There is not much justification for the frequent use of lactic training loads when the nature of most field/court based sports is alactic/aerobic with varying degrees of lactate influence. This is illustrated by the influence of bioenergetics on mitochondrial concentration in skeletal muscle. Mitochondria are responsible for energy production and oxidative potential. More mitochondria means greater energy supply and faster recovery. Mitochondrial concentration is elevated in skeletal muscle by anaerobic-alactic and aerobic training, while anaerobic-lactic training results in their destruction. Lactate threshold training must be appropriately prescribed and closely monitored.

This is just one example of why training loads and parameters must have compatibility to ensure the greatest transfer into sport performance improvement. The sports training world has fallen victim to a number of gimmicks in the name of profitability. Gimmicks such as high speed or anti-gravity treadmills, ladder drills, and exhaustive circuit-based training are examples of training that has very little to no carry over into athletic performance. Read more about this here.

For athletes and individuals who take their training and health seriously, your results are too important for someone to 'screw it up'.

Drop the Confusion, Athletes Need Consistency for Efficiency

What you need to know:

  • Neural efficiency is the key to becoming a better athlete, this is known as athletic mastery.
  • Mastery requires time, intelligent programming, hard work, and dedication to consistency. 
Consistency Matters
The primary goal of any athletic and strength development program should be neural efficiency. Fact of the matter is the nervous system controls and coordinates every movement and every function in your body. The nervous system thus is the regulator of strength and movement coordination. This is why ALL successful athletes have periodization implemented into their programming. Periodization is a fancy word for structured, intelligent programming to address individual needs.

Any athlete that has reached elite status in their sport has used periodization to address their needs and to ultimately promote positive, long-term adaptations from the learning of repeated actions by the nervous system. One observation that can be made of such programs is how little they seem to change or when a change is implemented, it follows a progression based on what the athlete is displaying or what they are capable of from day-to-day, week-to-week, or month-to-month.

Don't Let Fitness Trends Confuse You
Programs and/or trainers that endorse 'muscle confusion', randomized daily workouts, or continual change to exercise without following proper programming will always fail to develop an efficient nervous system. Sure for the ADD crowd and those that get bored easily, this appeals to you. Or maybe you are that person obsessed with 'fitness' and have become convinced workouts of this manner are the Holy Grail. If you are one of these people, be my guest. That's your choice. This article is specific to athletes and those that want to see consistent, sustainable results from their hard work. Not to simply have a workout entertain them.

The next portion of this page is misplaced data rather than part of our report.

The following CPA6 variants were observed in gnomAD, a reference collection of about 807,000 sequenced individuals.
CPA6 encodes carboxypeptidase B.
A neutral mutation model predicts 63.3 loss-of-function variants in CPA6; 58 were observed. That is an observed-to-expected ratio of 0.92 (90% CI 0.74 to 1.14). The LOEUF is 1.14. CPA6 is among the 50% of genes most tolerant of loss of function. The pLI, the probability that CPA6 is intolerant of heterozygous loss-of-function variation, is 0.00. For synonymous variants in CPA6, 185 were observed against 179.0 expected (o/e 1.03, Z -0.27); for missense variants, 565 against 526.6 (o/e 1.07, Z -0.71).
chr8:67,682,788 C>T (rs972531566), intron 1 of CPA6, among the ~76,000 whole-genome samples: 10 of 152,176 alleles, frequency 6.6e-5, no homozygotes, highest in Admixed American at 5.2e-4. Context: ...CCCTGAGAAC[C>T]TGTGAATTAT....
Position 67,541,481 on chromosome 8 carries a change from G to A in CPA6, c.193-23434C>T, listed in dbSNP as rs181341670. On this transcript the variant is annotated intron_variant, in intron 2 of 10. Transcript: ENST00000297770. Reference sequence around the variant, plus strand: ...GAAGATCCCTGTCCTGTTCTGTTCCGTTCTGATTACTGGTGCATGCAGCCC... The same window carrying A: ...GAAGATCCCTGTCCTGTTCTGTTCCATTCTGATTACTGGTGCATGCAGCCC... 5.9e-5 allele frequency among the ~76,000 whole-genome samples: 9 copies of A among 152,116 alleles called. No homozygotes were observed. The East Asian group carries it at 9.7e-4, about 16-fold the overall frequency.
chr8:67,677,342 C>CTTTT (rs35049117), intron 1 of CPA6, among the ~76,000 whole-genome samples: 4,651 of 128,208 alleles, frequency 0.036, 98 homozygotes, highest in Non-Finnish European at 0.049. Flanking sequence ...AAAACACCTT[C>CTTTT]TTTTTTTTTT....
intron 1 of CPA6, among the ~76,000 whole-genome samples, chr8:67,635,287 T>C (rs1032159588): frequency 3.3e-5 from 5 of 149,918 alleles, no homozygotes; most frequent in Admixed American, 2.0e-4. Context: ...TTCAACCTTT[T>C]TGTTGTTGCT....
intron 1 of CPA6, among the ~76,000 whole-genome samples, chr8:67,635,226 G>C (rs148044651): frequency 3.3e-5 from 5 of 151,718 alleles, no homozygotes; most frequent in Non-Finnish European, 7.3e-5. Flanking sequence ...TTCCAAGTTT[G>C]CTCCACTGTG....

Randomized workouts may sound interesting, even cool. The marketing placed around these workouts will spin words and science to make them appealing to the masses. Ultimately the end result is not allowing the athlete or individual to properly adapt to their training and achieve mastery.

How can adaptation and mastery be a bad thing when you want to improve? Want to be great?

Mastery is the Goal
For many, the frustration with mastery is it requires time. A lot of time. Mastery is a long-term process. This is exactly why great coaches and great athletes stress fundamentals at any level, from 7 year olds all the way up to the professional ranks. Think about it. Coaches don't just go through random drills at practice and if they do, they likely don't last long or frankly shouldn't be coaching in the first place. Fundamentals are reinforced because the better an athlete is at the fundamentals, the greater chance of success they will have when performing more complex sport skills.

Mastery is a grind. Its prerequisites are consistency and discipline. Mastery takes years to develop and this becomes a problem when the fitness industry wants to sell a 'quick fix'. And most Americans want that 'quick fix'. They want results now, not later. They don't want to put in years of work when they see programs that advertise how they can 'get ripped in 60 days' or 'get faster in 4 weeks'.

That's a Wrap
Athletes should recognize that their goals will not be solved with today's latest fitness trend. The only way to achieve mastery is through consistent, focused effort to become efficient in all fundamentals and sport specific skills. The message should be clear. At GP, this is something we feel strongly about and want to provide you with the information needed to make the best decisions for your goals. Mastery and efficiency are critical to the athlete and we addressed the importance of that in this article.

Is your training program allowing you to develop the mastery needed to achieve your goals?